Schumann certainly had both aims in mind when he made the recommendation to "let the 'Well-Tempered Clavier' be your daily bread" in his Musikalische Haus- und Lebensregeln published in 1850, but the two books of The Well-Tempered Clavier were already being held up as a model fifty years previously, and the first three published editions that appeared simultaneously at the beginning of the 19th century were followed by a host of others. Even after Bach's death, the two books continued to be regarded as masterpieces, albeit among a restricted circle, since manuscript copies remained in circulation, like the one that Baron Gottfried van Swieten (who had been the Habsburg imperial ambassador to Berlin) showed to Mozart.
In 1722 Rameau published his Traite de I'harmonie reduite a ses principes naturels, and in the same year Bach completed a work in which he explored all the keys according to the principle of "good" temperament as set out by Andreas Werck-meister (1645-1706). In broad terms, this meant contriving to eliminate the minute differences between the tones and semitones of the natural scale by treating all the semitones in the octave as equal. It is worth remembering that in 1702, before The Well-Tempered Clavier appeared, J. C. F. Fischer had published a collection of twenty preludes and fugues under the title Ariadne musica.
In its complexity and variety of conception, The Well-Tempered Clavier stands as one of the great examples of Bach's striving for completeness, for a grand compendium exploring a wide variety of compositional types. In this case, he chose the simple succession of preludes and fugues, a long-established format (which, for some, already appeared outdated). A number of years before the completion of The Well-Tempered Clavier, for instance, Johann Mattheson (1681-1764) wrote that there was no point "in racking one's brains" (den Kopff zu zerbrechen) constructing fugues. For others, however, it was clear, even at the time, that Bach was here giving students of counterpoint a lesson in practical composition through a series of examples, and at the same time providing a benchmark in the teaching of keyboard players. And many outstanding musicians of later generations found in it the nourishment (Schumann's "daily bread") they required.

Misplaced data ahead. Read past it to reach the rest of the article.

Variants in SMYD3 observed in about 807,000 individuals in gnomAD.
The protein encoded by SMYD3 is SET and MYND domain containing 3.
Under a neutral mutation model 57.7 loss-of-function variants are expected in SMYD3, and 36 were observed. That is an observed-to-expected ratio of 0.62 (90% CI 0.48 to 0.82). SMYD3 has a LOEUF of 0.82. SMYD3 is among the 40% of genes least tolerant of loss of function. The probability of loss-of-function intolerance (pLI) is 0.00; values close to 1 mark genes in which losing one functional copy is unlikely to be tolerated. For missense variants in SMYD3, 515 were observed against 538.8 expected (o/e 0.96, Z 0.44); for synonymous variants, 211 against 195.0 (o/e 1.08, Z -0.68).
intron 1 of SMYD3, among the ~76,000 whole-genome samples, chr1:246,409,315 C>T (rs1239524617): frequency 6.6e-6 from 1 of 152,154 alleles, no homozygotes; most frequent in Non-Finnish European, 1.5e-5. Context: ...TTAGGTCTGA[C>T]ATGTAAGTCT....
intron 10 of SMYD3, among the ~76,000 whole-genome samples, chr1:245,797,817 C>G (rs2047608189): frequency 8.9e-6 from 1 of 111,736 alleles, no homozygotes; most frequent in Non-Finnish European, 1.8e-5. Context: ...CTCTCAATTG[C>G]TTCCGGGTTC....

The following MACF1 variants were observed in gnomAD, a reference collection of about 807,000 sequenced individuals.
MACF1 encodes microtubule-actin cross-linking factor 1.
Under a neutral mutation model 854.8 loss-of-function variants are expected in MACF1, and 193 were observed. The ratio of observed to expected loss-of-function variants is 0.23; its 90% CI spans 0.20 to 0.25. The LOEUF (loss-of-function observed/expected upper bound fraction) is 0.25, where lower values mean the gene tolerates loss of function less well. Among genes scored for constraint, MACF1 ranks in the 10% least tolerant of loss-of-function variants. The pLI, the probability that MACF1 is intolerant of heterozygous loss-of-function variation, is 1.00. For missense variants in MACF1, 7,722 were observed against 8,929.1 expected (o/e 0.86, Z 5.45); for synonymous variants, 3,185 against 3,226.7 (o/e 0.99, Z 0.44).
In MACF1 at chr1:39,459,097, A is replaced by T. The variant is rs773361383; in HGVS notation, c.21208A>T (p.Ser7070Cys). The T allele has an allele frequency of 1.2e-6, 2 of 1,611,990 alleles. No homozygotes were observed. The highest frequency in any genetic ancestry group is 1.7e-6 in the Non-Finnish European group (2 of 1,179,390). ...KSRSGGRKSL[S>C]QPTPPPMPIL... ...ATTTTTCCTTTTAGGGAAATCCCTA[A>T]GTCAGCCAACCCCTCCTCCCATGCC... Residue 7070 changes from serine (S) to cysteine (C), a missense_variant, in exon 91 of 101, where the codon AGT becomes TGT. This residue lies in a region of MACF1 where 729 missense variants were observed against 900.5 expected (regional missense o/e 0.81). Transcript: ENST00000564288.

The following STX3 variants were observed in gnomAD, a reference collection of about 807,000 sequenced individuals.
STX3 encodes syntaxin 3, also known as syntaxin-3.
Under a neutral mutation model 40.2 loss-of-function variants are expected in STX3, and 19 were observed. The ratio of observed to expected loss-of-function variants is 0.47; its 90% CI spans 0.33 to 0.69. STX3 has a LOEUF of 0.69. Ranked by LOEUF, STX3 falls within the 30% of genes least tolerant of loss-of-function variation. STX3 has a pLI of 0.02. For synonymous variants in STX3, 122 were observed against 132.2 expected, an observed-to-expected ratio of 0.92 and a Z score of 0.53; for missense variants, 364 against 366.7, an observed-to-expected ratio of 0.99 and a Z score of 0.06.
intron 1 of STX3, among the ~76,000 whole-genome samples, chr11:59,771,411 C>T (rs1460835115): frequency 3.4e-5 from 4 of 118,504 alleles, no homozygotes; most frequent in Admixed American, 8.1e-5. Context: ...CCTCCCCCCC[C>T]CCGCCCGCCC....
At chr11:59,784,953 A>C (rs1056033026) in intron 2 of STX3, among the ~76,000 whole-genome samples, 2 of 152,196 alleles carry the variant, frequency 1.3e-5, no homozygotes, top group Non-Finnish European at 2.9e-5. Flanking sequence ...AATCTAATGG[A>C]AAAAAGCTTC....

The preludes are far more strongly defined, autonomous pieces of music than the simple introductions in which they have their origins, and each one acquires a particular weight in relation to the fugue it is paired with. Those based on arpeggios or other repeated figurations belong to the older tradition, where themes or motifs are either absent or less important than the sequence of harmonies. The first prelude, for example, consists entirely of arpeggios (and prompted Gounod's unfortunate paraphrase, the famous Ave Maria). Often, however, motoric figurations and effective motivic elements coexist in preludes of this kind.